This invention is a drill guide that fixates the implant for drilling and also regulates the drilling depth. The drill guide incorporates contoured inserts which enable a variety of different drill designs to be employed. The drill guide is located over the implant and includes fixation features for supporting the implant during the drilling procedure. The device further allows consistent drilling to a predetermined depth and establishes a proper angular positioning of the drilled hole. The use of the device reduces conjunctival trauma, eliminates a need for a surgical assistant, and by encasing the drill, provides protection to the patient as compared with free-handed methods. Moreover, overall surgical time using the drill guide of this invention is decreased.
Additional benefits and advantages of the present invention will become apparent to those skilled in the art to which this invention relates from the subsequent description of the preferred embodiments and the appended claims, taken in conjunction with the accompanying drawings.
FIG. 1 is a cross-sectional view through a patient's eye socket area showing an implant in the process of being drilled using a drill guide in accordance with this invention.
FIG. 2 is an exploded view of the drill guide in accordance with this invention shown with a surgical drill.
FIGS. 3, 4 and 5 are cross-sectional views through a patient's eye socket showing, respectively, a drilled hole in the implant, insertion of a mounting peg, and completion of the procedure with mounting of the eye prosthesis.
With reference to FIG. 1 an implant made of hydroxyapatite material is shown implanted and integrated within a patient eye socket and is generally designated by reference number 10. Implant 10 is shown integrated within the patient's eye socket with conjunctiva tissue 12 covering the anterior surface of the implant. Implant 10 is shown in the process of having a drilled bore 16 formed with the aid of drill guide 24 of this invention. As shown in FIGS. 3, 4, and 5, bore 16 accommodates peg 18 which, after insertion, drives prosthesis 20 through a ball-and-socket joint. Since the placement of drill bore 16 determines the position of prosthesis 20, it is necessary to form the bore accurately. Moreover, bore 16 must have a precise depth to provide proper positioning of prosthesis 20.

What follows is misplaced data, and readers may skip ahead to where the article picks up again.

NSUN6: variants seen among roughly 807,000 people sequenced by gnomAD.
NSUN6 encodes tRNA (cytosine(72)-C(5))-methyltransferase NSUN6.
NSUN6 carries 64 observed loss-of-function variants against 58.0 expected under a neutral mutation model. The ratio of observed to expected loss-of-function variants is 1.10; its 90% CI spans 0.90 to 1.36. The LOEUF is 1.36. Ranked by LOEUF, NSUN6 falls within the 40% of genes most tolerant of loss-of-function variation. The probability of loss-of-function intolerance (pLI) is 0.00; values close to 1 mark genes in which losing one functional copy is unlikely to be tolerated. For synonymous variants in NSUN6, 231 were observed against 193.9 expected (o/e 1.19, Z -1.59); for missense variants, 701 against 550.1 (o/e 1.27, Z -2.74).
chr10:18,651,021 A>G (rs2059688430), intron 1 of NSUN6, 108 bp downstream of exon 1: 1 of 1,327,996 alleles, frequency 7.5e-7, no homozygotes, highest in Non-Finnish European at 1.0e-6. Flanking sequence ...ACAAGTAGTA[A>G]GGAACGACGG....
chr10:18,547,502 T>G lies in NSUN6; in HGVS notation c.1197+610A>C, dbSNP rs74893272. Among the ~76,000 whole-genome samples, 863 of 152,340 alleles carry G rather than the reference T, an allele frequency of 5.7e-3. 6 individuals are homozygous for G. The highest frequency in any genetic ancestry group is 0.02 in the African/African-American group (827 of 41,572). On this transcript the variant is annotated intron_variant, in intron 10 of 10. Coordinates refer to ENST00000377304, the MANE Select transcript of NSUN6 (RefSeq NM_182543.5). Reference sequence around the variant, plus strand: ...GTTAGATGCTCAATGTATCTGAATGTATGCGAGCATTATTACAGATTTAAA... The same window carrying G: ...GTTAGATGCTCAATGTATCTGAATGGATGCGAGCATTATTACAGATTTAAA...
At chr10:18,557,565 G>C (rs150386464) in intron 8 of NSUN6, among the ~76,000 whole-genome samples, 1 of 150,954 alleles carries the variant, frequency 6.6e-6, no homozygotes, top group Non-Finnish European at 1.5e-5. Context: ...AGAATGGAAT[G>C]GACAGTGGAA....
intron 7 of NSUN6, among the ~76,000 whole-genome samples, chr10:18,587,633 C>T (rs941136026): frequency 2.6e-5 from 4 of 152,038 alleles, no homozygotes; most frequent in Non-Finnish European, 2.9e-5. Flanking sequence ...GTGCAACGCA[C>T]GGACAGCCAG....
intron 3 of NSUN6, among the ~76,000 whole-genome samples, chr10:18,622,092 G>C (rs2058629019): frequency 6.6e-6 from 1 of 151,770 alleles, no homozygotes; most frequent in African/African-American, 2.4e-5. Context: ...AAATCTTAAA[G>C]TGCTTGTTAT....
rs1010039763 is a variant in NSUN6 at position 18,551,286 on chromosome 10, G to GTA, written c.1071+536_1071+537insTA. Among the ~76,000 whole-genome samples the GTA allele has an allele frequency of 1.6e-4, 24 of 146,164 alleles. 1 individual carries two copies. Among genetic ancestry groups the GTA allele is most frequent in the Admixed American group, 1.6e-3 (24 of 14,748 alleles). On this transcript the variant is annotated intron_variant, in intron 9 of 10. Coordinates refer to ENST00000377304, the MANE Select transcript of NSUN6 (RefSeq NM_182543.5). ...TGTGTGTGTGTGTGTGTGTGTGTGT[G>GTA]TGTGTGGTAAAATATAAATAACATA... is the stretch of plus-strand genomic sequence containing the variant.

FIGS. 1 and 2 show features of drill guide 24 in accordance with this invention. Drill guide 24 includes a hollow cylindrical housing 26 having a flared rim 28 at its proximal end which is provided to facilitate handling by the surgeon. Housing 26 can be formed of various materials such as stainless steel. The interior bore 30 of the housing accommodates a pair of inserts. Fixed insert 32 is press-fit into the distal end of housing bore 30 and defines a concave end surface 34 shaped to generally conform to the radius of curvature of implant 10. A number of extending fixation pegs 36 having sharpened points are oriented around the perimeter of insert 32 and engage implant 10 during the drilling procedure. Insert 32 being press-fit into housing 26, remains in a fixed position during use, but can be removed to permit sterilization of housing 26. Bore 38 is centrally located through fixed insert 32 and is sufficiently large to provide clearance with drill burr 48.
Adapter insert 40 is provided which loosely fits within drill guide interior bore 30 thus allowing it to be freely slid into and out of the bore during the drilling operation, as will be explained in more detail below. Inserts 32 and 40 can be made from various materials such as plastics suitable for surgical use.